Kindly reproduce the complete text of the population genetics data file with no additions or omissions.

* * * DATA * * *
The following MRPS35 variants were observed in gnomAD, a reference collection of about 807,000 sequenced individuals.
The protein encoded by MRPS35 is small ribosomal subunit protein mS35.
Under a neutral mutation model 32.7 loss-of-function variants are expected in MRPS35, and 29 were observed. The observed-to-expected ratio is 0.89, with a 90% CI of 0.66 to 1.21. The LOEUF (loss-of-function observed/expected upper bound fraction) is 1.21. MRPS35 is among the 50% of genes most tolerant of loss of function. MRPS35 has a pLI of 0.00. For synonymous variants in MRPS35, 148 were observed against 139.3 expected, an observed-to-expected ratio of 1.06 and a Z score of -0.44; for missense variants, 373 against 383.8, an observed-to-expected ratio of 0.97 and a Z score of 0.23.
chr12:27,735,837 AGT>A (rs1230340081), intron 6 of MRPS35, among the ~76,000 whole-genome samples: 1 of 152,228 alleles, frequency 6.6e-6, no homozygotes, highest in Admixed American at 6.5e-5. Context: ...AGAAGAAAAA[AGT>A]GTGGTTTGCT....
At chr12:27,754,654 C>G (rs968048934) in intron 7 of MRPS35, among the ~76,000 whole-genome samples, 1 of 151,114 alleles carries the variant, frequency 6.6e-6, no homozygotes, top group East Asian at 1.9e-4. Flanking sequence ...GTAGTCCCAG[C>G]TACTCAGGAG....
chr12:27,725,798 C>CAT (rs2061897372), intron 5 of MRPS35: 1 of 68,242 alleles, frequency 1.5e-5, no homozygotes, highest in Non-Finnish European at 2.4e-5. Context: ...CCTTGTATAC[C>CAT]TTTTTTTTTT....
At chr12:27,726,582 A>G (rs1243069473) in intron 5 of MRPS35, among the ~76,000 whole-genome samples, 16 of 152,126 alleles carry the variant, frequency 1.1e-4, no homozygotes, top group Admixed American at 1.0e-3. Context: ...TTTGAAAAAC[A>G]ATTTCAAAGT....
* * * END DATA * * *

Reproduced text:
The following MRPS35 variants were observed in gnomAD, a reference collection of about 807,000 sequenced individuals.
The protein encoded by MRPS35 is small ribosomal subunit protein mS35.
Under a neutral mutation model 32.7 loss-of-function variants are expected in MRPS35, and 29 were observed. The observed-to-expected ratio is 0.89, with a 90% CI of 0.66 to 1.21. The LOEUF (loss-of-function observed/expected upper bound fraction) is 1.21. MRPS35 is among the 50% of genes most tolerant of loss of function. MRPS35 has a pLI of 0.00. For synonymous variants in MRPS35, 148 were observed against 139.3 expected, an observed-to-expected ratio of 1.06 and a Z score of -0.44; for missense variants, 373 against 383.8, an observed-to-expected ratio of 0.97 and a Z score of 0.23.
chr12:27,735,837 AGT>A (rs1230340081), intron 6 of MRPS35, among the ~76,000 whole-genome samples: 1 of 152,228 alleles, frequency 6.6e-6, no homozygotes, highest in Admixed American at 6.5e-5. Context: ...AGAAGAAAAA[AGT>A]GTGGTTTGCT....
At chr12:27,754,654 C>G (rs968048934) in intron 7 of MRPS35, among the ~76,000 whole-genome samples, 1 of 151,114 alleles carries the variant, frequency 6.6e-6, no homozygotes, top group East Asian at 1.9e-4. Flanking sequence ...GTAGTCCCAG[C>G]TACTCAGGAG....
chr12:27,725,798 C>CAT (rs2061897372), intron 5 of MRPS35: 1 of 68,242 alleles, frequency 1.5e-5, no homozygotes, highest in Non-Finnish European at 2.4e-5. Context: ...CCTTGTATAC[C>CAT]TTTTTTTTTT....
At chr12:27,726,582 A>G (rs1243069473) in intron 5 of MRPS35, among the ~76,000 whole-genome samples, 16 of 152,126 alleles carry the variant, frequency 1.1e-4, no homozygotes, top group Admixed American at 1.0e-3. Context: ...TTTGAAAAAC[A>G]ATTTCAAAGT....